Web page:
Thailand Supports First Lady’s Initiative to Promote Girls’ Education



(Photo credit: Peace Corps Thailand)

Happy International Day of the Girl Child! In December 2011, the United Nations General Assembly adopted a resolution to declare 11 October as the International Day of the Girl Child, to recognize girls’ rights and the challenges girls face around the world.

The international community acknowledges that girls education and women empowerment are important for any country to thrive. Just weeks ago in New York, world leaders adopted the new 2030 Agenda for Sustainable Development, which includes the Sustainable Development Goals (SDGs). These global targets encompass 17 development goals, one of which is to ensure gender equality and women empowerment.

LGL2Earlier in March 2015, President Obama and First Lady Michelle Obama announced “Let Girls Learn” Initiative to advocate for girls education worldwide. The initiative has been implemented through the work of Peace Corps volunteers in more than 60 developing countries. Thailand is among the first batch of countries chosen to implement the Initiative.(Photo credit: the White House)

These global efforts and the Obama Administration’s initiative to advocate for girls rights resonate very well with Thailand’s policy. Promoting girls education and gender equality has always been central to Thailand’s development efforts and human rights agenda.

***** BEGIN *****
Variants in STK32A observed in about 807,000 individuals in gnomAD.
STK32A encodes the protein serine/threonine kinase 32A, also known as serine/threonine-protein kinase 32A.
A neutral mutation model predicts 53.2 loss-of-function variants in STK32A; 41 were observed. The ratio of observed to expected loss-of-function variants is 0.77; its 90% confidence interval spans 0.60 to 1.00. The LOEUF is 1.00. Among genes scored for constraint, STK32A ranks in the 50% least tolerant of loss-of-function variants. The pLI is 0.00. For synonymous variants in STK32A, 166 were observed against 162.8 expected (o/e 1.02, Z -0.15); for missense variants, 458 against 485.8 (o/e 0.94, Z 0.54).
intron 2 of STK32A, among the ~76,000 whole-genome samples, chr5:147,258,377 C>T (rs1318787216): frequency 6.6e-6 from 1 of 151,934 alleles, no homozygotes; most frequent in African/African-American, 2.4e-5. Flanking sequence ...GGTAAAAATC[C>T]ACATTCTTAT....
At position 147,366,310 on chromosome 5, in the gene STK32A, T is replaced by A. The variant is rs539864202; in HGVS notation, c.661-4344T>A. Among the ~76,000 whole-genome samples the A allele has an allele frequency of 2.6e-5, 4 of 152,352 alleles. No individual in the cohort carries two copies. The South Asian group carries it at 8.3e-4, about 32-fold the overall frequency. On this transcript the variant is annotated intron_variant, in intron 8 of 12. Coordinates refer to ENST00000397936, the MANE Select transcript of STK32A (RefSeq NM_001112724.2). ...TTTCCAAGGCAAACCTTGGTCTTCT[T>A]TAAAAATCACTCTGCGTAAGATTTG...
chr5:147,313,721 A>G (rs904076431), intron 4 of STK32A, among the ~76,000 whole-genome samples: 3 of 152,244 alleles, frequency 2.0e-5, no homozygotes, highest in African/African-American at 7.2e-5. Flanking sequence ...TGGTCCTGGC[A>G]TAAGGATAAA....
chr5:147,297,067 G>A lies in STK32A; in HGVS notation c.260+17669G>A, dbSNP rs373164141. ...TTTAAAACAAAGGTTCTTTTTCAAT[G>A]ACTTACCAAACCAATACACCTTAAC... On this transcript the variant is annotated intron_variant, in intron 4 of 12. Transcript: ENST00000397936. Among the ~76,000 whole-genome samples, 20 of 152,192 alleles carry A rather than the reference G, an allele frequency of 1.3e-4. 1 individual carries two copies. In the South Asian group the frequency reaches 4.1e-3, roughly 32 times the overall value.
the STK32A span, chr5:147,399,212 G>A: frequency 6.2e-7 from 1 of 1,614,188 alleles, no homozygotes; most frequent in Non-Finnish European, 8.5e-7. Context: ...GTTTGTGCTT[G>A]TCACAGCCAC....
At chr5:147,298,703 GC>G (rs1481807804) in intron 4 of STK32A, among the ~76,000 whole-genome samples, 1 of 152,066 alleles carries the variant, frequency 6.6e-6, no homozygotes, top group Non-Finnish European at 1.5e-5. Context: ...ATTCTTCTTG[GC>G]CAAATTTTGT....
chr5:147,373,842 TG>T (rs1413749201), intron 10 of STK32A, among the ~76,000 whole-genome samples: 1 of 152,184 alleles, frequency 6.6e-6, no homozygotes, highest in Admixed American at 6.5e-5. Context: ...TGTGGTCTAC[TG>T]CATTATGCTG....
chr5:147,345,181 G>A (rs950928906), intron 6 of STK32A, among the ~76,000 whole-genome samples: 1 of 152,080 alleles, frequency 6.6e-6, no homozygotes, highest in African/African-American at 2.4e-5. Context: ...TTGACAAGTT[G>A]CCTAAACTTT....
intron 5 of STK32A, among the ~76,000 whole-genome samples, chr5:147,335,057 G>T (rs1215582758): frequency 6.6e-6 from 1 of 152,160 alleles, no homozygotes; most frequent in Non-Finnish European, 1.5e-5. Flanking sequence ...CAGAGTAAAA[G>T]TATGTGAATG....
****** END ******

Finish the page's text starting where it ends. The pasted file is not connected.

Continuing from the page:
Prime Minister Prayut Chan-o-cha addressed the ceremony celebrating the 2015 International Women’s Day

(Photo credit: Royal Thai Government)

Thailand has made consistent efforts to fulfill our obligation under the Convention on the Elimination of All Forms of Discrimination Against Women (CEDAW) and the Convention on the Rights of the Child (CRC) with regard to girls’ rights. The Thai Government, for example, enacted the Child Protection Act in 2003 as a primary mechanism to safeguard the rights of the child regardless of their gender. The Government also initiated a process that led to the establishment of children and youth councils throughout the country, where girls can express their views and make their voices heard. Thailand also achieved the target of eliminating gender disparities in primary and secondary education by 2005. The most recent progress in this regard is the passage of the Gender Equality Act in March 2015, which just came into effect on September 9.

Thailand’s commitment to promote girls development and our long-standing cooperation with Peace Corps help support the implementation of Let Girls Learn Initiative in the country. One notable project is “Camp GLOW (Girls Leading Our World).” The purpose of Camp GLOW is to encourage and empower young women €œto become active citizens by building their self-esteem and confidence. Increasing their self-awareness, and developing their skills in goal setting, assertiveness, and career and life planning. Camp GLOW Thailand provides three female youth, and one adult counterpart from at least 10 different communities around Thailand, with an exciting opportunity to develop team-building, leadership and self-esteem skills.


Peace Corps Volunteers and their counterparts will lead sessions on gender equality, leadership, and volunteerism. This year, the focus of the camp is on building a strong curriculum that can be easily replicated in camps throughout the country. The participants will take back all the materials and plan to replicate them in their communities through shorter 1-3 day camps or after-school clubs. (Source: Peace Corps Thailand)

The First Lady recently reaffirmed her commitment to promote girls’ education at the Global Citizen Festival in September in New York targeting 62 million girls around the world who are not yet in school. Thailand will continue to partner with the United States and other partners to ensure that girls are not left behind in our development efforts.


Thanida Menasavet

11 October 2015